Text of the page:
Patio Plants: Container Gardening With Perennials
by High Country Gardens
Container gardening has traditionally been focused on the use of annual plants. But containers are a great way to garden, and we can also be using them to grow many perennials and perennial ornamental grasses. In fact, gardeners living east of the Mississippi will find the use of containers as a great way to expand their palette of growable perennials, especially xeric ones that would be unhappy in the ground because of excessive moisture and soggy freeze-thaw conditions in spring. Perennials that may seem impossible to grow in the ground become easily cultivated in pots.
A Few Container Gardening Basics
- Use bigger pots. (Note: I use the words container and pot interchangeably.) Avoid using pots that are too small. Plants quickly become root-bound and it becomes difficult if not impossible to keep them adequately watered and fertilized. I always use at least a 14 inch diameter pot. Remember: The bigger the mature plant, the bigger the pot.
- Always use a soil-less potting mix. Filling pots with garden soil is a recipe for failure. Garden soil compacts and greatly restricts drainage and air exchange. I always recommend a high quality soil-less potting mix. This potting mix can be reused each season and enhanced with new ingredients.
- Keep the plants well fertilized. Because we must water pots more frequently than plants in the ground, we need to replenish nutrients that are flushed away. If you want to grow your pots organically, top-dress every couple of weeks with earthworm compost and Yum Yum Mix. Compost tea is also excellent. Growing conventionally, use Osmocote slow release fertilizer mixed into the soil at potting time and supplement with water-soluble Miracle-Gro (or equivalent) once every week or two.
- Don't put gravel in the bottom of the pot; this is a useless technique that can actually restrict drainage in the pots. Fill the pots completely with soil-less mix. If the pot has a large drainage hole, I'll put an irregular rock over the hole that doesn't seal the hole and allows for water to flow out.
- Leaving pots out-of-doors year-round: If you want to leave your containers outside year-round, I recommend using a fiberglass pot or the pot-in-pot strategy to avoid cracked pots and cold damaged roots. For pot-in-pot cultivation, plant in a plastic nursery container and drop this pot into a slightly larger ceramic pot. Fill the empty space in between with small bark nuggets. This insulates the inside pot from heat and cold and allows winter watering without cracking the ceramic pot.
Protecting Pots Over the Winter
We need to protect the pots and their resident perennial plants from the extremes of the winter weather.
- After several hard frosts, move them into an unheated garage or cold frame.
- If this isn't practical or you have a lot of pots to protect, make a straw bale enclosure where the pots can be placed. Cover with a couple of sturdy pieces of row crop cover (frost blanket) fabric.
- Be sure to give the pots a drink every month or so on a warm day so the roots don't dry out excessively.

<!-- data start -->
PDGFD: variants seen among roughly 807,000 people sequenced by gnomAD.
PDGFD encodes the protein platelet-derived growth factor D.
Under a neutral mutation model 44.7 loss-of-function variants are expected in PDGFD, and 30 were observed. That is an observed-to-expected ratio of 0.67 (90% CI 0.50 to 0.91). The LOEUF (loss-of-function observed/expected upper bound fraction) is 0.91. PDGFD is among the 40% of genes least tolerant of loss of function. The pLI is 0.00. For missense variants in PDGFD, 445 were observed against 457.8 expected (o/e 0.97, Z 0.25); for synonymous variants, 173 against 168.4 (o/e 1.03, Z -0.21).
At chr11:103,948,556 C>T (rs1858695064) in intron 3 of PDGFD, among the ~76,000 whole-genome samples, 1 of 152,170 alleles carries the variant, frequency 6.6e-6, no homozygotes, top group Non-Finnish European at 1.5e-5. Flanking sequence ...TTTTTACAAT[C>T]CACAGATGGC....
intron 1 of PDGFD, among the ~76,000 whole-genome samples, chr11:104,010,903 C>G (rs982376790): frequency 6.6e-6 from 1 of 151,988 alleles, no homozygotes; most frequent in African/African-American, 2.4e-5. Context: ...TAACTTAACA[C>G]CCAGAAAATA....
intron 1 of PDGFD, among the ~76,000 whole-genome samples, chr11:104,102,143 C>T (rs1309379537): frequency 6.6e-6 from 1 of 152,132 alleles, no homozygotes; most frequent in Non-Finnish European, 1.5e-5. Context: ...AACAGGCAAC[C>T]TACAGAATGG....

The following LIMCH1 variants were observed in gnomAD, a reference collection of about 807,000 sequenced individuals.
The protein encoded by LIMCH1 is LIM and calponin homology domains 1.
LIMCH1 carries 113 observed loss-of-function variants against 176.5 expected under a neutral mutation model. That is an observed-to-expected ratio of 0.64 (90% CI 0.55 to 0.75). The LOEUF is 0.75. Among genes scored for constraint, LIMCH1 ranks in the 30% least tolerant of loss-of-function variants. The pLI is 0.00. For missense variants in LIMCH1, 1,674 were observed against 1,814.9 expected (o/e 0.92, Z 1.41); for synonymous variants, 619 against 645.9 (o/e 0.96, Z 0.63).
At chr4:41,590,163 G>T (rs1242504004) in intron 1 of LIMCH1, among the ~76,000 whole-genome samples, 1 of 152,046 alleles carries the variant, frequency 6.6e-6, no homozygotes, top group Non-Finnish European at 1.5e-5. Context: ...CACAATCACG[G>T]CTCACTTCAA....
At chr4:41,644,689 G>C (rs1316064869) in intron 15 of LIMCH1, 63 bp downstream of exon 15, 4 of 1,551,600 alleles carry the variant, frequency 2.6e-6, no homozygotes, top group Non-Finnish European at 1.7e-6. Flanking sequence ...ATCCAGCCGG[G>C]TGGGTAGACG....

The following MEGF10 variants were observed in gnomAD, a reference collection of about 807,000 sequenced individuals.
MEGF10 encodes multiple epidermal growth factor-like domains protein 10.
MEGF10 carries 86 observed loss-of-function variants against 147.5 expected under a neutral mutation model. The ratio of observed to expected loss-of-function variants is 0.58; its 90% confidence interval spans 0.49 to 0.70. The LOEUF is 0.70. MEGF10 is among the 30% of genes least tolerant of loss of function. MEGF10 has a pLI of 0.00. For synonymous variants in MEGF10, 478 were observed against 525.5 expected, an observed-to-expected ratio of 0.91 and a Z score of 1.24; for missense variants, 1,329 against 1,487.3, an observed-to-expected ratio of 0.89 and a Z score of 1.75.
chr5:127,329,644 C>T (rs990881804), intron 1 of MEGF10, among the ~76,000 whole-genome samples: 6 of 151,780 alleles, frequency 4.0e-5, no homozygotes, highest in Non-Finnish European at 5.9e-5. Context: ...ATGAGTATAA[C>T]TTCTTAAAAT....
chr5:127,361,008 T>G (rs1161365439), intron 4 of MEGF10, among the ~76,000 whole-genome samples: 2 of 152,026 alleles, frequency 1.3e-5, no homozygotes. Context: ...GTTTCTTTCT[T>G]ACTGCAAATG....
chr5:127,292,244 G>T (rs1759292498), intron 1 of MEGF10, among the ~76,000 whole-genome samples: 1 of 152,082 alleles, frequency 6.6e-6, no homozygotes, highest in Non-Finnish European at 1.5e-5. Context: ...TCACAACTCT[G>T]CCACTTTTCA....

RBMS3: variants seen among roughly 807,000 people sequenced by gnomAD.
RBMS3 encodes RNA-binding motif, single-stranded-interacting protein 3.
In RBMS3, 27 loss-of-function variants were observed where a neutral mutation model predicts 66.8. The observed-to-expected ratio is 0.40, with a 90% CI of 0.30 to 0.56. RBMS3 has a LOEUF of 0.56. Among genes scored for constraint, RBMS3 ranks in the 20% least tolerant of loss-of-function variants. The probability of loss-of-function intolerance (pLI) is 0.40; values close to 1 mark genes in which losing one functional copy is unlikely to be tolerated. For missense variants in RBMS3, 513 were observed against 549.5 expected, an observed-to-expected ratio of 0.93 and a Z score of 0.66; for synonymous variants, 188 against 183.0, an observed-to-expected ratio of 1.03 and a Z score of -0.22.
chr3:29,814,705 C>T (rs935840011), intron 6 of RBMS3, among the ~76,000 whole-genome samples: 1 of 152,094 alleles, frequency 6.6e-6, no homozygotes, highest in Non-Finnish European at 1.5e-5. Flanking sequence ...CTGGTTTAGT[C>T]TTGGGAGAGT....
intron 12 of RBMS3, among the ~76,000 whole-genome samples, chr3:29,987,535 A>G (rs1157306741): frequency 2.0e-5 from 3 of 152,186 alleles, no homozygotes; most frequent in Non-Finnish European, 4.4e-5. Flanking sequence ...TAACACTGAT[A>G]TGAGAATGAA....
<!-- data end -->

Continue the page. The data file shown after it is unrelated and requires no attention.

- In spring, cut the perennials back and move them into the outside position.
When using perennial plants, they can remain in the pot for at least two seasons before re-potting them into a larger one. Or the perennials can be divided and re-planted back into the same pot with fresh soil-less mix.
When designing your container garden, make sure pots have a mix of plants: thrillers, fillers and spillers. Perennial plants that appreciate well-drained soil are a great choice for containers.
Arranging Plants in the Container
Remember the container gardening mantra, "thrillers, fillers, and spillers." The tallest, showiest plants (thrillers) go in the middle of the pot. The medium-sized plants (fillers) go around the center plant. Soften the edges of the pots by planting trailing (spillers). If you're going to place a pot a container (pot) against a wall, put the tallest plants on the wall-side of the pot.
Recommended Xeric Perennials for Containers
I can't recount how many frustrated gardeners have asked me how to grow Agastache (Hummingbird Mint) in cold, moist, Mid-Western or Eastern climates. The answer: plant them in pots. The same goes for Lavender, native Sage (Salvia greggii and hybrids) and other xeric (low water) plants. Containers are also a great way to grow perennials that aren't quite winter-hardy enough for in-ground cultivation in one's region. Gardeners in Zones 4 and 5 gardeners, for example, can enjoy Perennial African Daisy (Gazania krebsiana 'Scarlet Tanager, 'Hantamberg Orange'), native Sage cultivars/hybrids (Salvia greggii) and Spanish Lavender (Lavandula stoechas). These are just a few of many cold-tender perennials that make superb potted specimens.
Hummingbird Containers Supply Natural Nectar
As a hummingbird gardener, I recommend planting hummingbird attracting flowers and placing them around your outdoor living areas as a replacement or supplement to hummingbird feeders. Pots filled with Hummingbird Mint (Agastache), native Sage (Salvia), Monardella, Hummingbird Trumpet (Zauschneria) and Coral Bells (Heuchera) make colorful, nectar-rich containers.
Check out The Hummingbird Society's perennial patio garden for hummingbirds:
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